The Seattle Post-Intelligencer, which has chronicled the news of the city since logs slid down its steep streets to the harbor and miners caroused in its bars before heading north to Alaska’s gold fields, will print its final edition Tuesday.
Hearst Corp., which owns the 146-year-old P-I, said Monday that it failed to find a buyer for the newspaper, which it put up for a 60-day sale in January after years of losing money. Now the P-I will shift entirely to the Web.
“Tonight will be the final run, so let’s do it right,” publisher Roger Oglesby told the newsroom.
Hearst’s decision to abandon the print product in favor of an Internet-only version is the first for a large American newspaper, raising questions about whether the company can make money in a medium where others have come up short.
David Lonay, 80, a subscriber since 1950, said he’ll miss a morning ritual that can’t be replaced by a Web-only version.
“The first thing I do every day is get the P-I and read it,” Lonay said. “I really feel like an old friend is dying.”
Hearst’s move to end the print edition leaves the P-I’s larger rival, The Seattle Times, as the only mainstream daily in the city.
“It’s a really sad day for Seattle,” said P-I reporter Angela Galloway. “The P-I has its strengths and weaknesses but it always strove for a noble cause, which was to give voice to those without power and scrutiny of those with power.”
Seattle follows Denver in losing a daily newspaper this year. The Rocky Mountain News closed after its owner, E.W. Scripps Co., couldn’t find a buyer. In Arizona, Gannett Co.’s Tucson Citizen is set to close Saturday, leaving one newspaper in that city.
And last month Hearst said it would close or sell the San Francisco Chronicle if the newspaper couldn’t slash expenses in coming weeks.
The newspaper industry has seen ad revenue fall in recent years as advertisers migrate to the Internet, particularly to sites offering free or low-cost alternatives for classified ads. Starting last summer, the recession intensified the decline in advertising revenue in all categories.
Four newspaper companies, including the owners of the Los Angeles Times, Chicago Tribune and The Philadelphia Inquirer, have sought Chapter 11 bankruptcy protection in recent months.
While the P-I’s Web site ensures it a continued presence in the Seattle news market, it will likely be a pared-down version of its former self — with a heavy reliance on blogs and links to other news outlets.
The P-I had 181 employees, but Managing Editor David McCumber said the Web site would employ about 20 in the newsroom operation and another 20 to sell ads. He said he would not be working on the new site.
Steven R. Swartz, president of Hearst Newspapers, said the online P-I would not just be “a newspaper online.”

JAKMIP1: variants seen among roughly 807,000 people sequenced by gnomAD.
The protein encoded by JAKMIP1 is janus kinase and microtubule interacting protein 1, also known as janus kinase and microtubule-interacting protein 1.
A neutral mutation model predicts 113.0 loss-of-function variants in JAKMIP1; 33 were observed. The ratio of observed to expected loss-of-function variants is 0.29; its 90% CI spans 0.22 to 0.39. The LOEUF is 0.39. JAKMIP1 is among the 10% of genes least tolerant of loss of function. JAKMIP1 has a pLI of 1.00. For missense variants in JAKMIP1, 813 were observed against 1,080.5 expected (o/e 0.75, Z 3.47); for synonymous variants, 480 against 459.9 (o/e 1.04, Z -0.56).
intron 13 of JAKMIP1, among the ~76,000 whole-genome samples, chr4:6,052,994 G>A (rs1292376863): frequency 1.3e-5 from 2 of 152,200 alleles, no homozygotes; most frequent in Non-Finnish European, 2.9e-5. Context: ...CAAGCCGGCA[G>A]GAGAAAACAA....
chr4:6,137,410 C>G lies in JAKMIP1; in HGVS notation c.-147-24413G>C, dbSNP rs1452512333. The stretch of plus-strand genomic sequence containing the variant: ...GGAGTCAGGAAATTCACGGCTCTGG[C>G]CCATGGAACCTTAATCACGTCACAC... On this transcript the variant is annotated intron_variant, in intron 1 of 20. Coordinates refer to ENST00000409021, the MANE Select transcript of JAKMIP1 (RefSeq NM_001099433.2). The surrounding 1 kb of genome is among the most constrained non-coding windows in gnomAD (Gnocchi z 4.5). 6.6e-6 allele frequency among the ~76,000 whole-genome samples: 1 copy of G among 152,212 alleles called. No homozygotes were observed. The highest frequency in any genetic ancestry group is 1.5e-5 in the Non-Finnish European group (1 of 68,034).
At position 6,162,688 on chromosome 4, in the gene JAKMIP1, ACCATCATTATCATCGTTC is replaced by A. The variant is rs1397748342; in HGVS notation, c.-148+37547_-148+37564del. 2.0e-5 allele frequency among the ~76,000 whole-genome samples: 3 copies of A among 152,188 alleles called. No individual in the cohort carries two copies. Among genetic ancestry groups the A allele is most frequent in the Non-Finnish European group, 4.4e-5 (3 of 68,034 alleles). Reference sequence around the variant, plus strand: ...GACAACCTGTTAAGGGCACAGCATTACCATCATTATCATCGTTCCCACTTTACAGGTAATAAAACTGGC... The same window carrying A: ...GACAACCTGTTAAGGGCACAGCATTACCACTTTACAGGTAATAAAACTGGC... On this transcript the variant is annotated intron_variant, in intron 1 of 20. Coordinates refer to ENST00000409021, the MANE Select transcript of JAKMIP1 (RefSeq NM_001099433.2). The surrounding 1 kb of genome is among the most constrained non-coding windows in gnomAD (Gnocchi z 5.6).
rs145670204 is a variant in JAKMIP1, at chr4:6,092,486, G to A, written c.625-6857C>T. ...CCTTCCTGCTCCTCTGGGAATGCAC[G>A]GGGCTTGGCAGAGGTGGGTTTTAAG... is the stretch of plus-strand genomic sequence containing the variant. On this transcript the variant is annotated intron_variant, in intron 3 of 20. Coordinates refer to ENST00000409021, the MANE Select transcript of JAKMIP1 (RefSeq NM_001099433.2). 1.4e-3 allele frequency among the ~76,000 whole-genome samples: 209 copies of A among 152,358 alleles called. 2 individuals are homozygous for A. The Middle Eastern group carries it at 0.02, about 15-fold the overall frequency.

“It’s an effort to craft a new type of digital business with a robust, community news and information Web site at its core,” Swartz said.
Hearst said the online edition will include some of the newspaper’s marquee names, including sports columnist Art Thiel, political columnist Joel Connelly and Pulitzer Prize-winning cartoonist David Horsey. Horsey also is under contract to continue drawing for Hearst’s other newspapers.
In February, the P-I Web site had 1.8 million unique visitors and 50 million page views, according to Nielsen Online. Meanwhile the newspaper’s print circulation was down to 117,000, from nearly 200,000 in 1998, according to the Audit Bureau of Circulations.
It’s unclear how the online-only venture will affect the Times, which is controlled by the Blethen family and has a circulation of 199,000. The Times has had severe financial troubles of its own and has cut 500 positions in the past year.
Since 1983, the P-I and The Times have shared business operations in a joint operating agreement in which The Times handles advertising, printing and other business functions for both newspapers.
The P-I has had a feisty rivalry with The Times, which intensified when the Times shifted from afternoon to morning publication in 2000.
The P-I’s roots date to 1863, when Seattle was still a frontier town and James Watson founded its precursor, the Seattle Gazette, as a four-page weekly.
The newspaper changed hands, names and offices several times — including when the 1889 great Seattle fire destroyed its office — before newspaper baron William Randolph Hearst bought the P-I in 1921 through a representative. Hearst later revealed his ownership of the newspaper in an editorial, according to the P-I archives.
“Every idea, every movement, every debate in Seattle’s civic life was reflected on the front page of the paper,” said Leonard Garfield, executive director of the Museum of History and Industry in Seattle.
Some of the newspaper’s more famous employees over the years included novelist Tom Robbins, columnist Emmett Watson and Frank Herbert, author of the science fiction novel “Dune.”
Former P-I columnist Susan Paynter, who retired in 2007 after 39 years at the newspaper, said the P-I pushed the envelope on stories, running early pieces on abortion and the Equal Rights Amendment.
“The P-I was really on the forefront of telling the average person’s story and why it mattered,” Paynter said.
Horsey, the cartoonist who won the newspaper’s only two Pulitzer Prizes in 1999 and 2003, said much would be lost when the print product ceases publishing.
“A daily newspaper tells the stories of a community and lets the people of a city know who they are, who their neighbors are, and the life and issues they share,” Horsey said. “When you lose any one newspaper, you lose a piece of that.”